Attached is a chart that includes information (name, owners, status, etc) for the major LNG export projects in the US. Most of the initial projects are "brownfield" since they involve adding liquefaction facilities to existing LNG import regas termininals that already have ship berths and LNG storage tanks. These brownfield projects already have attached gas pipelines that can be reversed and/or expanded to provide feed gas. Greenfield LNG export projects have virually no existing infrastucture requiring longer construction time.
LNG export projects require a permit from FERC for the new facilities and authorization from DOE for the export of the LNG. Of these two the FERC permit is currently controlling the project schedules. Sabine Pass is the only project that has all the necessary permits, contracts and financing and has been under construction since mid-2012. Cameron is likely to be the next project to obtain all the necessary approvals to start construction.
Although there are numerous proposed LNG export projects only a few are likely to acquire the necessary customer contracts to justify project launch. These projects cost ~ $0.6 to 0.8 billion per MTPA of LNG export capacity.
starting last to first, when they first proposed/built the lng export facility, i feel certain they procured sufficient long term ft to satisfy their lenders. if they haven't relinquished it already, i'm sure the relevant pl(s) would fall all over themselves to allow them to flip the primary receipt and delivery points around for the balance of the agreement(s). and if they have already turned it back, it will easily and cheaply procured. and,as before their bankers may well require it.
fwiw, with respect to s. la short haul ft, i represented one e&p entity which with 5 others developed an offshore project with an estimated peak deliverability of around 1Bcf/d. i want to recall we took about that much long term ft with the interstate we tied into. the agreement provided us with an aggregate firm delivery capacity using their various s. la interstate interconnects. the demand charge was $0.01/MMBtu, again, as i recall.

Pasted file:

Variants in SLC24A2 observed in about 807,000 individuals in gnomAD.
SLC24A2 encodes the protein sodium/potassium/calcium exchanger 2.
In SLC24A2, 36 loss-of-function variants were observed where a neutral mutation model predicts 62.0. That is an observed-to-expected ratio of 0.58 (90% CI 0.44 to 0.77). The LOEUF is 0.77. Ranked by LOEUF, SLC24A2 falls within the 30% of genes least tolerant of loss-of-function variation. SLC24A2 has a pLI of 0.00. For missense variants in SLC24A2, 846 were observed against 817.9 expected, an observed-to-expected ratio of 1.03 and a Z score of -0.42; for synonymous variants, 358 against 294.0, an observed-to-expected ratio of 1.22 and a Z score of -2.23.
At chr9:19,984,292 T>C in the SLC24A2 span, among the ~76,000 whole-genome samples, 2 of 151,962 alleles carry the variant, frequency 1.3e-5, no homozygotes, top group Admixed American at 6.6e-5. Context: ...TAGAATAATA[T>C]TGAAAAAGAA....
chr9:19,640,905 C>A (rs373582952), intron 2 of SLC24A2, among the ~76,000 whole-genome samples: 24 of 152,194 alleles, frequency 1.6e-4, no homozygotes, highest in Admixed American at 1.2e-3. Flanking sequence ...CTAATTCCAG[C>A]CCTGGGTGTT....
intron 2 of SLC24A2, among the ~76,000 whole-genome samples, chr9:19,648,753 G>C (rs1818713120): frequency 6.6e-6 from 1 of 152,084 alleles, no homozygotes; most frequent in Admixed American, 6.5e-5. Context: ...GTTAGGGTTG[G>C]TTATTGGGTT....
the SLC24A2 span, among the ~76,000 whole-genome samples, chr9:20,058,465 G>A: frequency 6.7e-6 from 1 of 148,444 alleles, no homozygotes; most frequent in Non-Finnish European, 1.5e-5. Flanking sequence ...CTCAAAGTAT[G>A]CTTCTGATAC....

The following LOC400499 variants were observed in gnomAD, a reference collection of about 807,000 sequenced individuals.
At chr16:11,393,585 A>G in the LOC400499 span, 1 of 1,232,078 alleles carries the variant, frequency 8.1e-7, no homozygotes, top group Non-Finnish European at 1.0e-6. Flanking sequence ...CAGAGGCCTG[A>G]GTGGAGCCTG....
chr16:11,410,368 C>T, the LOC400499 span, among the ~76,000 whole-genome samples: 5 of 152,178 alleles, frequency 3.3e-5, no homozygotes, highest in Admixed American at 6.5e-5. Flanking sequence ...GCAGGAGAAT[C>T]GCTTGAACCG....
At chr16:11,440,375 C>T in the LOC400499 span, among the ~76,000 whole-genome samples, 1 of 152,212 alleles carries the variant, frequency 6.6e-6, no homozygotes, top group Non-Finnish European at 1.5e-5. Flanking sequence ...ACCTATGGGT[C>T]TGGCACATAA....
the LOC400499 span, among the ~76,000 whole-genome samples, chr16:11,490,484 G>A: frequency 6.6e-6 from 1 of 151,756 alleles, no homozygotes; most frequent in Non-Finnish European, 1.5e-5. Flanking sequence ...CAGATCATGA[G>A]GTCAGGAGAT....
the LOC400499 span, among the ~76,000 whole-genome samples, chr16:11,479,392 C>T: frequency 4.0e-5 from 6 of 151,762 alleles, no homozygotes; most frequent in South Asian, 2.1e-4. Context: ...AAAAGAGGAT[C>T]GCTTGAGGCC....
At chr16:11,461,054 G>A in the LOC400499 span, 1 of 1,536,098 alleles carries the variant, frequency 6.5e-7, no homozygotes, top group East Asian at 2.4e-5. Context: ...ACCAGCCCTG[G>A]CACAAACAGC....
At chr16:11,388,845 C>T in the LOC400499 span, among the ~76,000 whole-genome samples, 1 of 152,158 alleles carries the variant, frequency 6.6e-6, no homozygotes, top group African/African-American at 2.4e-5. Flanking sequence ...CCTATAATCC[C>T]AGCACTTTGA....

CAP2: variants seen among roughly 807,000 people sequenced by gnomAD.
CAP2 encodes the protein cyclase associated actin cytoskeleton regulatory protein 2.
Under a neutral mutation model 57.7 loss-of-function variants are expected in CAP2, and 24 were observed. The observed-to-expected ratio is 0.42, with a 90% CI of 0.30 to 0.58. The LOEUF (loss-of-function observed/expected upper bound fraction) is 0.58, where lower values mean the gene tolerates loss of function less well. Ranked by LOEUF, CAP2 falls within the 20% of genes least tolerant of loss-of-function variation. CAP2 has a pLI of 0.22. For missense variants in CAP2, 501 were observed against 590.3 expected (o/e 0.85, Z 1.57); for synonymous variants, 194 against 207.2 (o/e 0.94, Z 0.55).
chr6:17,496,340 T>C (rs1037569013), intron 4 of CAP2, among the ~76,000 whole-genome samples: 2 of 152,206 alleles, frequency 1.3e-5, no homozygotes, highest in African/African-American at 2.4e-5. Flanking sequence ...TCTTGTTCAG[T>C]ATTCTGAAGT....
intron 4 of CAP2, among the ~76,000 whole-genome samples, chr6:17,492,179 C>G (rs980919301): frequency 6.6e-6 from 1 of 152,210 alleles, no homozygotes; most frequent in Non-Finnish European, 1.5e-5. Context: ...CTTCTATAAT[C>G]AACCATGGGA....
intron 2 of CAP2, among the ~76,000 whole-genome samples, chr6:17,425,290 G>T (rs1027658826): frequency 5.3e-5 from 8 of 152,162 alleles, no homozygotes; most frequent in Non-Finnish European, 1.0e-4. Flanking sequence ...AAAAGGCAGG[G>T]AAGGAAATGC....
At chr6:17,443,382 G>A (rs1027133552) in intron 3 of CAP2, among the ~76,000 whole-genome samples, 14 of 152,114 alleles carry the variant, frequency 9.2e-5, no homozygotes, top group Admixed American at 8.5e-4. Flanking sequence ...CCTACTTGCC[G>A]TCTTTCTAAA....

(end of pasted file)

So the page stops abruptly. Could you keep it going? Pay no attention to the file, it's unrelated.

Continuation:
now, even as large as the sumitomo deal may seem to be, it's small beans in the context of the us natural gas marketplace. our nat gas market is large, efficient, transparent and fungible.
their demand as sizeable as it is will not make them price makers, rather, they will be price takers, just like everybody else.
only in a monopsony can a buyer demand price or other terms.
as an ad absurdum example, let's imagine if michcon, the largest gas utility in michigan, announced to the marketplace that henceforth, they would only buy gas in twenty year chunks and that they would pay, oh, let's say, 1 pound of peach pits per mmbtu. well, we know what would happen, the good citizens of mi would get mighty cold for the ensuing 20 years.
now, if cabot management has agreed to a lt fixed price sale to them. then, they by definition are hedged, the transaction price meets their requirements. it doesn't necessarily make the hedge a good idea, though.
producers are perpetual "longs" and by definition a fixed price sale is a hedge. on the other hand a market is a perpetual "short, any fixed price purchase they make is hedged.